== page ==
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Hey there Destructoid!
My name is Ryan, I'm 26, an on again off again game tester at Nintendo (Oh, contract work), and I've been living in Seattle since I was three. As many of you know, as someone who has been playing video games for most of their natural life, Seattle is a great town to be in.

I started out gaming on the NES my parents gave me when I was four or five, which is the same console I still spend most of my time on today (literally). I've owned or lived with people who have owned all of the current gen consoles and things, but I keep going back to my NES...which may or may not have anything to do with the fact that I went through three 360s in two years time, while the NES I've had for over twenty years still works like a charm (well, mostly.)

My taste in games has become more and more eclectic over the years. I think it might have started when I first played Incredible Crisis on the PS1. Since then, I've loved finding smaller, indie titles with intriguing ideas and quirky, nonsensical things like the Katamari Damacy series. I think this habit has started on a downward turn though, as I have found I also have a soft spot in my heart for lower quality games, in the same sense as my love for B movies. I really got a kick out of Jurassic: The Hunted and I love Earth Defense Force 2017, but...I have to make a confession.

I really like playing Lifeline.

It's terrible, I know.

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When I first tried to think of a subject for this month’s musing topic, a few different ideas sprang to mind. Sure, I could have talked about the hours I’ve spent just wandering the mountains of Vvardenfell. I could have gone on about Arcanum, the game I’ve restarted so many times, yet never actually finished. But I would have had to ignore my instinct. I would have had to ignore that one, lone syllable that kept repeating in my mind when thoughts first crossed the topic.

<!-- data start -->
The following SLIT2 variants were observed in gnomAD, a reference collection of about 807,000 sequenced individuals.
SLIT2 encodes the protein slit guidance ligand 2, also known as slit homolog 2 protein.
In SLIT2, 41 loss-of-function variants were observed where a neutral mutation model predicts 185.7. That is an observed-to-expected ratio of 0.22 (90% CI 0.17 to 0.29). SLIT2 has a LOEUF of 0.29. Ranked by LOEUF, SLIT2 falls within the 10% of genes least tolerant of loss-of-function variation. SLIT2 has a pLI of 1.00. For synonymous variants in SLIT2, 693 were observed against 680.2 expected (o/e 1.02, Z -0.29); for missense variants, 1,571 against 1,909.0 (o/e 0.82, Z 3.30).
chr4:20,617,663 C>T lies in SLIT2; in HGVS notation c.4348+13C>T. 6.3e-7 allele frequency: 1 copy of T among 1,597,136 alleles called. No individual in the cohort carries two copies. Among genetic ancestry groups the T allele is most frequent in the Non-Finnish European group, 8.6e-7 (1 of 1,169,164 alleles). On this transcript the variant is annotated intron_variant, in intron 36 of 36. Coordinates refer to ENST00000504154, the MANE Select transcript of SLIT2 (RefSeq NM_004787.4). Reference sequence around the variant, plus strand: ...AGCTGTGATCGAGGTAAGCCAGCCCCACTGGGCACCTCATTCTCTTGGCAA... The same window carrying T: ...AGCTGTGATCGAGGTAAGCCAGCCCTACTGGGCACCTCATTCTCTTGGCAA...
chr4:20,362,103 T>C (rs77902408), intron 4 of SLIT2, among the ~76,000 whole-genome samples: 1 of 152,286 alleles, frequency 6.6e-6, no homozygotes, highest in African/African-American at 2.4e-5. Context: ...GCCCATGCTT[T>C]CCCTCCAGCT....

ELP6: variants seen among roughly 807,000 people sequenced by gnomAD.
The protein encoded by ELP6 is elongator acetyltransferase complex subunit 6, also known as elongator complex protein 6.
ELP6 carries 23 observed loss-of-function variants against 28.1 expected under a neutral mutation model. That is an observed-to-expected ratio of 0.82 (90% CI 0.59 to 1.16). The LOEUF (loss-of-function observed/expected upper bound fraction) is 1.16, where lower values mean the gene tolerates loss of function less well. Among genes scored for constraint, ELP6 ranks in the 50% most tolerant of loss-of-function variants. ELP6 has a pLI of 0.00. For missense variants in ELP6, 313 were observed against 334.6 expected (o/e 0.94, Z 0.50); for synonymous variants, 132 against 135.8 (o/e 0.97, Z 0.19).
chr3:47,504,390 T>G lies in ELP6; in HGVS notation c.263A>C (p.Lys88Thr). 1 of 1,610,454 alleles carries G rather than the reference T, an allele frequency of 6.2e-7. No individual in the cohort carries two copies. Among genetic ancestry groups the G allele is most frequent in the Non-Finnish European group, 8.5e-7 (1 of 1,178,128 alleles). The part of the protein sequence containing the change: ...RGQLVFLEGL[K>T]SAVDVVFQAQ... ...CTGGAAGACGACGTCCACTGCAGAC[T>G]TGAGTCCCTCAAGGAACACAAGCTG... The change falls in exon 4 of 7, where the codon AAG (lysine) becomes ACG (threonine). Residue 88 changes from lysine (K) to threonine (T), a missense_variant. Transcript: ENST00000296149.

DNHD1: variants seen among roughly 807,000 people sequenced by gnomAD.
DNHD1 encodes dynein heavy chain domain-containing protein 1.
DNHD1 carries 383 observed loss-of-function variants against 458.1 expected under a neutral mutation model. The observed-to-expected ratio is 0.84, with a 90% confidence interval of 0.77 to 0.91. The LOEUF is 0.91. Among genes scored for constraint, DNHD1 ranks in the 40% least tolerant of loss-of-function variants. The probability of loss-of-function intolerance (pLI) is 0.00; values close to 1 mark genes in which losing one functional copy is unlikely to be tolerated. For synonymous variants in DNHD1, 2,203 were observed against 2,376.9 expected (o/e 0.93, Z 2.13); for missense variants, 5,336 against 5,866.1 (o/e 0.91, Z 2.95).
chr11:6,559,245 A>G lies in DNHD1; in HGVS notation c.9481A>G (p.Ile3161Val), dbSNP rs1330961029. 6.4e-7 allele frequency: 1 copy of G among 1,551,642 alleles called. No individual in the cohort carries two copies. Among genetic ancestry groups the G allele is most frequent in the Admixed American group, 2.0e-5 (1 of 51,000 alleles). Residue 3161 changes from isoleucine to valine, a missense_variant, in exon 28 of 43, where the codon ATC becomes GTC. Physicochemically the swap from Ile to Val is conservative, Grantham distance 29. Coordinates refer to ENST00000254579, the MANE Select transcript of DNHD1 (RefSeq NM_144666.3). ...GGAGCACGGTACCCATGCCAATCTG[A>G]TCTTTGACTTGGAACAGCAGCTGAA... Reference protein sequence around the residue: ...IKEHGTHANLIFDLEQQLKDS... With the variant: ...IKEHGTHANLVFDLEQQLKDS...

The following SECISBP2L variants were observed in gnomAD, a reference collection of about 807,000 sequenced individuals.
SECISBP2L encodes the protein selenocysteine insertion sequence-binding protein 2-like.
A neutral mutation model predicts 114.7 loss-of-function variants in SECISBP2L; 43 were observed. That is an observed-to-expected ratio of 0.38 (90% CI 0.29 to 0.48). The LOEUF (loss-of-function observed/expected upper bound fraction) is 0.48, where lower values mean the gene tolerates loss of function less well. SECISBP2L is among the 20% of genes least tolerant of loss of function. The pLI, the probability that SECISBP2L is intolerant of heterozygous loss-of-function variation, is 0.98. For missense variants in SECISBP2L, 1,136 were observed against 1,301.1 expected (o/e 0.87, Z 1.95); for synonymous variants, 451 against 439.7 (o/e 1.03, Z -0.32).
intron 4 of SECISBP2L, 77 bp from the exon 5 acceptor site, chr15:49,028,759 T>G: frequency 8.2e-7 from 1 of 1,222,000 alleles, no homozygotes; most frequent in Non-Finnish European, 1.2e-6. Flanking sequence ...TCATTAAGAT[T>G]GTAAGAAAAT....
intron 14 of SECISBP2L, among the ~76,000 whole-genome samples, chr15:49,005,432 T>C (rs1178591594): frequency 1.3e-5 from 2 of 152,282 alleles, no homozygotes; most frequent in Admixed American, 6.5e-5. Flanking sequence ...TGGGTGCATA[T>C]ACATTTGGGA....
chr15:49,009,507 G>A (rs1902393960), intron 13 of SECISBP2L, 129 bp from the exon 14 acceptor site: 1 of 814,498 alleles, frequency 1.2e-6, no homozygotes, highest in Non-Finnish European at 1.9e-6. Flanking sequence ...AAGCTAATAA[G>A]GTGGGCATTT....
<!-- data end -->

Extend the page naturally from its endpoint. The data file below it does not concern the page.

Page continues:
Pew.
Pew.
Pew.



I could not escape thoughts of a singular robot. Of course, I am talking about the Blue Bomber, Mega Man. Specifically, about Mega Man 2. I often think about what my top ten games of all time would be. The desert island list, as it were. While it always seems to fluctuate, there are certain games that will always remain on that list. Things like Chrono Trigger and Resident Evil 4 always make their way around on that list, but Mega Man 2 is the biggest constant.

Mega Man 2 found its way to North America in July of 1989. I honestly don’t remember when I first played it, being a month short of turning five at the time of its release, but I do remember being blown away by it. At the time, the graphics were nothing short of incredible. Sure, Mega Man himself had not changed since his first iteration on the NES, but everything around him was getting bigger and better.



As soon as I turned my NES on…then off again…then blew on the cartridge…then turned it on again…then hit the reset button a couple of times…I was eventually greeted with the greatest animation my young eyes had ever seen. An epic tale was being spun of the continuing adventures of the heroic Rock over the backdrop of the futuristic landscape of the year 200X. Up and up the camera rose as the music grew to an exciting crescendo…and then there he was. Helmet off, hair whipping in the wind high atop the tallest skyscraper, staring over the city he was determined to protect. I was right there with him, hands gripped around my controller (much more appropriately sized back then), ready to leap into the robotic fray.